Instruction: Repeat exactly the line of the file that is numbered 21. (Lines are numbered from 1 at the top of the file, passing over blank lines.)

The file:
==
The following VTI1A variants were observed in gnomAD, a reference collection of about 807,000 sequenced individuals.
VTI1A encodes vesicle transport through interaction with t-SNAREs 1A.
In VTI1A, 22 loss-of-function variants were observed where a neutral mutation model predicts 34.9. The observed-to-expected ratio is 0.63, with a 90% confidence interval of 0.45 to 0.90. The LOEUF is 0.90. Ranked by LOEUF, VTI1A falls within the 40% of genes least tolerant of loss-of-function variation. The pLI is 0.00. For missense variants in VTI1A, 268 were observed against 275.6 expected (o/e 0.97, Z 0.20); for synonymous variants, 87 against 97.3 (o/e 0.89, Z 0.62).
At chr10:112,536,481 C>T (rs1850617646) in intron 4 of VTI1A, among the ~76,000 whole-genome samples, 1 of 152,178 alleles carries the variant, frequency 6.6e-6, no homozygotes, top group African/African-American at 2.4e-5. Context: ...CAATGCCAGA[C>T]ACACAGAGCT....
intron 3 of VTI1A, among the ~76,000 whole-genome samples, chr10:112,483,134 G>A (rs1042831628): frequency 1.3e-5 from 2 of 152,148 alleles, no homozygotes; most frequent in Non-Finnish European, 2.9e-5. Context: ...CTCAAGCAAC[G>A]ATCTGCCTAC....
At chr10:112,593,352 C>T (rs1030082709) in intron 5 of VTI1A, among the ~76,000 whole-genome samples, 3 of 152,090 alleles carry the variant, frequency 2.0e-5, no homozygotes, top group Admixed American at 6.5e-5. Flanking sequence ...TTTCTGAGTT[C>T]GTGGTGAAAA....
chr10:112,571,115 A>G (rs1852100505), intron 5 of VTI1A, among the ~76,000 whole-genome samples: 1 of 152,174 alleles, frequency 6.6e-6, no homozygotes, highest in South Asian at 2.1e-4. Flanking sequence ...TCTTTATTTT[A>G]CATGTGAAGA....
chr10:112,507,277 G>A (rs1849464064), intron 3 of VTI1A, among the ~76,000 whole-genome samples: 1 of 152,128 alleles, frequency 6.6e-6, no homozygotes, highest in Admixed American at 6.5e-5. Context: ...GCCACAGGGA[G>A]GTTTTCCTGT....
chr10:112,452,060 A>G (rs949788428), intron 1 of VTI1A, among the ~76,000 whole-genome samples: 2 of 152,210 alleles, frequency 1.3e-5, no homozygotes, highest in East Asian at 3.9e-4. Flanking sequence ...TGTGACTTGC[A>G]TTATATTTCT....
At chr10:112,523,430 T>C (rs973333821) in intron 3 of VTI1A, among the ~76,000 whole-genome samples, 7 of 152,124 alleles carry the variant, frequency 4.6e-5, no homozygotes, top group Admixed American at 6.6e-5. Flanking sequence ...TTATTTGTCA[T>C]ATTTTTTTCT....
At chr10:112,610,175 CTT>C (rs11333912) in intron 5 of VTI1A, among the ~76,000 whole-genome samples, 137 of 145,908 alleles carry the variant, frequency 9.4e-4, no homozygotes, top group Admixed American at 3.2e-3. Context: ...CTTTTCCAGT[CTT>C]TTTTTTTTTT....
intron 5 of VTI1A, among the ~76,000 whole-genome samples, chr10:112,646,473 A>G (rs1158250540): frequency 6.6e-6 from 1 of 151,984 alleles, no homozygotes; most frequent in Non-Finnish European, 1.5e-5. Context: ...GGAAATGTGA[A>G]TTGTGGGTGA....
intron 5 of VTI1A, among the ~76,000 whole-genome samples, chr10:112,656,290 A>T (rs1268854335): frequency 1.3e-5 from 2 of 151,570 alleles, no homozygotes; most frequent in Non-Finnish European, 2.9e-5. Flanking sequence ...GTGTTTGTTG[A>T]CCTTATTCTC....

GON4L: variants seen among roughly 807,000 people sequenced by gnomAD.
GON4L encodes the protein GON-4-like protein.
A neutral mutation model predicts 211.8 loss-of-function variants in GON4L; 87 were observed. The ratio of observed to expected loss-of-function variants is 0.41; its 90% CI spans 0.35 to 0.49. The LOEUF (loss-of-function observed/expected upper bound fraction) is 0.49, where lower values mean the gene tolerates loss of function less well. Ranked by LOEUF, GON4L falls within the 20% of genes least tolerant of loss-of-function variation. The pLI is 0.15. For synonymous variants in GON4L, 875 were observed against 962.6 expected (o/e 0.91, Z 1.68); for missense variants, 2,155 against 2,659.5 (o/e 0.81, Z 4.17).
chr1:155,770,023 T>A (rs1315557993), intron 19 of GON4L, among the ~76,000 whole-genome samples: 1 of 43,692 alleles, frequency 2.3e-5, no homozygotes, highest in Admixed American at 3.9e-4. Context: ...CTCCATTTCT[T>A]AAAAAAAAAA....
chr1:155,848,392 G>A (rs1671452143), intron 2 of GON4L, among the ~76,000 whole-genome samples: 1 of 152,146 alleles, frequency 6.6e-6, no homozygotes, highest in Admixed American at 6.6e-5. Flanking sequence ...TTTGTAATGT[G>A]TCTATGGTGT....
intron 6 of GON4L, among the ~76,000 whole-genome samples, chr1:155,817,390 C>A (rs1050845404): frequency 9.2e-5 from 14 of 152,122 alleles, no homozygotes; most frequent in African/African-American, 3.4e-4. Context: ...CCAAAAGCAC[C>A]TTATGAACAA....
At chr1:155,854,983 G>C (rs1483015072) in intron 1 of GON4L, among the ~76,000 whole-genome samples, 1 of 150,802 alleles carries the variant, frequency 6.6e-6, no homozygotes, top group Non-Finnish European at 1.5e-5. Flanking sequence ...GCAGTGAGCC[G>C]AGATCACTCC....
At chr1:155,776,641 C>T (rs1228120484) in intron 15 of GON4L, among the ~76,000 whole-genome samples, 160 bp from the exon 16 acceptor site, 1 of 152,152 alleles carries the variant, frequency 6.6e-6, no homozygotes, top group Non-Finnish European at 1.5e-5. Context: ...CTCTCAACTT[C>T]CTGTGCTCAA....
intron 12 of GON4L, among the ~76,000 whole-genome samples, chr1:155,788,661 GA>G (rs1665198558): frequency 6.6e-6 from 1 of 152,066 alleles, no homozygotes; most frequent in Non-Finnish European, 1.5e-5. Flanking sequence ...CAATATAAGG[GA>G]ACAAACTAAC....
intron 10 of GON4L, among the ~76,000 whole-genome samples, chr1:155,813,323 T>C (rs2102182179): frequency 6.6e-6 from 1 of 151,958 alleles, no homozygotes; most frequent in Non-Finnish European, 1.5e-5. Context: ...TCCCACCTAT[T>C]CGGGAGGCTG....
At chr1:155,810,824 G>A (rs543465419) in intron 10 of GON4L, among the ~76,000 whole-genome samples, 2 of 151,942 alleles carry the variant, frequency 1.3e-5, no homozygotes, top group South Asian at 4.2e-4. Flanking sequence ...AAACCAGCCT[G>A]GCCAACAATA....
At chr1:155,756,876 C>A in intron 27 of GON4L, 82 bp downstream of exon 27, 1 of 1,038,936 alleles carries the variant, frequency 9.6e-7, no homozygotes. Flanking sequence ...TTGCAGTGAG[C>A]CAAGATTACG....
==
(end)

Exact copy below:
At chr1:155,776,641 C>T (rs1228120484) in intron 15 of GON4L, among the ~76,000 whole-genome samples, 160 bp from the exon 16 acceptor site, 1 of 152,152 alleles carries the variant, frequency 6.6e-6, no homozygotes, top group Non-Finnish European at 1.5e-5. Context: ...CTCTCAACTT[C>T]CTGTGCTCAA....